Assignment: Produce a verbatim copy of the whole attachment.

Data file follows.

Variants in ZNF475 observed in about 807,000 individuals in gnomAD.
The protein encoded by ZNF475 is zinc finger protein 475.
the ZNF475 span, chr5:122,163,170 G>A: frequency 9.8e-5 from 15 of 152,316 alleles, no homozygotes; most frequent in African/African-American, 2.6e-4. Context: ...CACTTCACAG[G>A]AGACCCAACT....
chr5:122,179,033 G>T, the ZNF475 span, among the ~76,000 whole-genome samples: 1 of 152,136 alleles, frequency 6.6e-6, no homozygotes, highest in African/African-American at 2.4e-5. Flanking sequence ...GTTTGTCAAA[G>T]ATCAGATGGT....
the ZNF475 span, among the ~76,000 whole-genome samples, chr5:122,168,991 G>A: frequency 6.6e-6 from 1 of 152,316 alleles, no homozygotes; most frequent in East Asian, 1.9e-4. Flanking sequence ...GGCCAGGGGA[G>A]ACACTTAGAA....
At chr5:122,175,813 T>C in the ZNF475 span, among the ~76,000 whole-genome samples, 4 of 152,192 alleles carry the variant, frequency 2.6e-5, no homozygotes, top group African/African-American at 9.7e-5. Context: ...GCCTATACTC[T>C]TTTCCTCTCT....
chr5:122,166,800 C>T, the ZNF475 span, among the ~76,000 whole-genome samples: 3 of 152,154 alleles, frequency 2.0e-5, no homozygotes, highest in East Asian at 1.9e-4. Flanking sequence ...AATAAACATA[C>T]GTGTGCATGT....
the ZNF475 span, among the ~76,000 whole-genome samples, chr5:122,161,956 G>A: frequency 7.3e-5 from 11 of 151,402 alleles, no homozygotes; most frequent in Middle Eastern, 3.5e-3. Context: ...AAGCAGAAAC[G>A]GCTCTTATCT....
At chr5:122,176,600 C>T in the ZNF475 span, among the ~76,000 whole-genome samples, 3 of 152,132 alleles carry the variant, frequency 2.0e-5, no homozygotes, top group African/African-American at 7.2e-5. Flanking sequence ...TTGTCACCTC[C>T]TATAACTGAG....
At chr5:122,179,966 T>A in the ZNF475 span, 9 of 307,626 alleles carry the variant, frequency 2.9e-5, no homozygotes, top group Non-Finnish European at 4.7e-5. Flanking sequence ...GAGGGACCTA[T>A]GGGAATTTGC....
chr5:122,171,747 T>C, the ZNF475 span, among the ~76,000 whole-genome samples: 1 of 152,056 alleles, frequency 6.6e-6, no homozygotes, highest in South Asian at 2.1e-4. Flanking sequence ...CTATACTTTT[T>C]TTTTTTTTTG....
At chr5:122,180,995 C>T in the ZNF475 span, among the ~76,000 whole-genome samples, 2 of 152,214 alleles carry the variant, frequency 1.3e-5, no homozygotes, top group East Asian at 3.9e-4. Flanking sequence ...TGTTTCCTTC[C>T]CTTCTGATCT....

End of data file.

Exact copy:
Variants in ZNF475 observed in about 807,000 individuals in gnomAD.
The protein encoded by ZNF475 is zinc finger protein 475.
the ZNF475 span, chr5:122,163,170 G>A: frequency 9.8e-5 from 15 of 152,316 alleles, no homozygotes; most frequent in African/African-American, 2.6e-4. Context: ...CACTTCACAG[G>A]AGACCCAACT....
chr5:122,179,033 G>T, the ZNF475 span, among the ~76,000 whole-genome samples: 1 of 152,136 alleles, frequency 6.6e-6, no homozygotes, highest in African/African-American at 2.4e-5. Flanking sequence ...GTTTGTCAAA[G>T]ATCAGATGGT....
the ZNF475 span, among the ~76,000 whole-genome samples, chr5:122,168,991 G>A: frequency 6.6e-6 from 1 of 152,316 alleles, no homozygotes; most frequent in East Asian, 1.9e-4. Flanking sequence ...GGCCAGGGGA[G>A]ACACTTAGAA....
At chr5:122,175,813 T>C in the ZNF475 span, among the ~76,000 whole-genome samples, 4 of 152,192 alleles carry the variant, frequency 2.6e-5, no homozygotes, top group African/African-American at 9.7e-5. Context: ...GCCTATACTC[T>C]TTTCCTCTCT....
chr5:122,166,800 C>T, the ZNF475 span, among the ~76,000 whole-genome samples: 3 of 152,154 alleles, frequency 2.0e-5, no homozygotes, highest in East Asian at 1.9e-4. Flanking sequence ...AATAAACATA[C>T]GTGTGCATGT....
the ZNF475 span, among the ~76,000 whole-genome samples, chr5:122,161,956 G>A: frequency 7.3e-5 from 11 of 151,402 alleles, no homozygotes; most frequent in Middle Eastern, 3.5e-3. Context: ...AAGCAGAAAC[G>A]GCTCTTATCT....
At chr5:122,176,600 C>T in the ZNF475 span, among the ~76,000 whole-genome samples, 3 of 152,132 alleles carry the variant, frequency 2.0e-5, no homozygotes, top group African/African-American at 7.2e-5. Flanking sequence ...TTGTCACCTC[C>T]TATAACTGAG....
At chr5:122,179,966 T>A in the ZNF475 span, 9 of 307,626 alleles carry the variant, frequency 2.9e-5, no homozygotes, top group Non-Finnish European at 4.7e-5. Flanking sequence ...GAGGGACCTA[T>A]GGGAATTTGC....
chr5:122,171,747 T>C, the ZNF475 span, among the ~76,000 whole-genome samples: 1 of 152,056 alleles, frequency 6.6e-6, no homozygotes, highest in South Asian at 2.1e-4. Flanking sequence ...CTATACTTTT[T>C]TTTTTTTTTG....
At chr5:122,180,995 C>T in the ZNF475 span, among the ~76,000 whole-genome samples, 2 of 152,214 alleles carry the variant, frequency 1.3e-5, no homozygotes, top group East Asian at 3.9e-4. Flanking sequence ...TGTTTCCTTC[C>T]CTTCTGATCT....